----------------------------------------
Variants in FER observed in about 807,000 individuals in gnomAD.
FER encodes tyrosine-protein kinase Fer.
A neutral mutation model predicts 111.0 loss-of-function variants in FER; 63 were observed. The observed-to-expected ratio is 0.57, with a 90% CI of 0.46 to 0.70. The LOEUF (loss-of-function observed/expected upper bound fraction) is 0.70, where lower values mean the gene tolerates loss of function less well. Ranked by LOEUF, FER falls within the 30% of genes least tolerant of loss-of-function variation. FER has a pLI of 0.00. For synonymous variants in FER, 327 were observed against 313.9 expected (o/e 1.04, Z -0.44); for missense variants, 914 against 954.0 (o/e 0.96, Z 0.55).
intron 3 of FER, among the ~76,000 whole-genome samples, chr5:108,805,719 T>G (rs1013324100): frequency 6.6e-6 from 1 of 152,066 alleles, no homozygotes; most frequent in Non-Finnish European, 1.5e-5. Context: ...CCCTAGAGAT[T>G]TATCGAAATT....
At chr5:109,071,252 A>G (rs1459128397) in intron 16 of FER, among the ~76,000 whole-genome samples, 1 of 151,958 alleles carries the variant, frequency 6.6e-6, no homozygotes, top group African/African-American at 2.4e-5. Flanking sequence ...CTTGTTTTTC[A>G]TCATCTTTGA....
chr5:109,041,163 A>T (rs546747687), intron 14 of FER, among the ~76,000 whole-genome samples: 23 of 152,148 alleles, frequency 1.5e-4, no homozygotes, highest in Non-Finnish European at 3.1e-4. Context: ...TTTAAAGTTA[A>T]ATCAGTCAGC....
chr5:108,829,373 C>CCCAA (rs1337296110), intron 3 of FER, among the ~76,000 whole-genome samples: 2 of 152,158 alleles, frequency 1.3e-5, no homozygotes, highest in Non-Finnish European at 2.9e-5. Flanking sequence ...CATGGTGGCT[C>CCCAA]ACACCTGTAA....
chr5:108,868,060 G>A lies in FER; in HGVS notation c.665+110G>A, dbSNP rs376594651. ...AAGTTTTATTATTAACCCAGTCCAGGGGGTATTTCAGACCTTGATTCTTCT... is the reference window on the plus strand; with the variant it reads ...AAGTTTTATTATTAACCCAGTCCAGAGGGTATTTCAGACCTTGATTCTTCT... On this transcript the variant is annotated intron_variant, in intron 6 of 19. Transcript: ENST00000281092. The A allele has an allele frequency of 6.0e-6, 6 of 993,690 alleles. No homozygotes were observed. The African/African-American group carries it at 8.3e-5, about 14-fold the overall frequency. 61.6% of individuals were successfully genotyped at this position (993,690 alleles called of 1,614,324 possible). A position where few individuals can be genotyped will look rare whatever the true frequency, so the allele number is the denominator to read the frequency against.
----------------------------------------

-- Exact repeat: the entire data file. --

Variants in FER observed in about 807,000 individuals in gnomAD.
FER encodes tyrosine-protein kinase Fer.
A neutral mutation model predicts 111.0 loss-of-function variants in FER; 63 were observed. The observed-to-expected ratio is 0.57, with a 90% CI of 0.46 to 0.70. The LOEUF (loss-of-function observed/expected upper bound fraction) is 0.70, where lower values mean the gene tolerates loss of function less well. Ranked by LOEUF, FER falls within the 30% of genes least tolerant of loss-of-function variation. FER has a pLI of 0.00. For synonymous variants in FER, 327 were observed against 313.9 expected (o/e 1.04, Z -0.44); for missense variants, 914 against 954.0 (o/e 0.96, Z 0.55).
intron 3 of FER, among the ~76,000 whole-genome samples, chr5:108,805,719 T>G (rs1013324100): frequency 6.6e-6 from 1 of 152,066 alleles, no homozygotes; most frequent in Non-Finnish European, 1.5e-5. Context: ...CCCTAGAGAT[T>G]TATCGAAATT....
At chr5:109,071,252 A>G (rs1459128397) in intron 16 of FER, among the ~76,000 whole-genome samples, 1 of 151,958 alleles carries the variant, frequency 6.6e-6, no homozygotes, top group African/African-American at 2.4e-5. Flanking sequence ...CTTGTTTTTC[A>G]TCATCTTTGA....
chr5:109,041,163 A>T (rs546747687), intron 14 of FER, among the ~76,000 whole-genome samples: 23 of 152,148 alleles, frequency 1.5e-4, no homozygotes, highest in Non-Finnish European at 3.1e-4. Context: ...TTTAAAGTTA[A>T]ATCAGTCAGC....
chr5:108,829,373 C>CCCAA (rs1337296110), intron 3 of FER, among the ~76,000 whole-genome samples: 2 of 152,158 alleles, frequency 1.3e-5, no homozygotes, highest in Non-Finnish European at 2.9e-5. Flanking sequence ...CATGGTGGCT[C>CCCAA]ACACCTGTAA....
chr5:108,868,060 G>A lies in FER; in HGVS notation c.665+110G>A, dbSNP rs376594651. ...AAGTTTTATTATTAACCCAGTCCAGGGGGTATTTCAGACCTTGATTCTTCT... is the reference window on the plus strand; with the variant it reads ...AAGTTTTATTATTAACCCAGTCCAGAGGGTATTTCAGACCTTGATTCTTCT... On this transcript the variant is annotated intron_variant, in intron 6 of 19. Transcript: ENST00000281092. The A allele has an allele frequency of 6.0e-6, 6 of 993,690 alleles. No homozygotes were observed. The African/African-American group carries it at 8.3e-5, about 14-fold the overall frequency. 61.6% of individuals were successfully genotyped at this position (993,690 alleles called of 1,614,324 possible). A position where few individuals can be genotyped will look rare whatever the true frequency, so the allele number is the denominator to read the frequency against.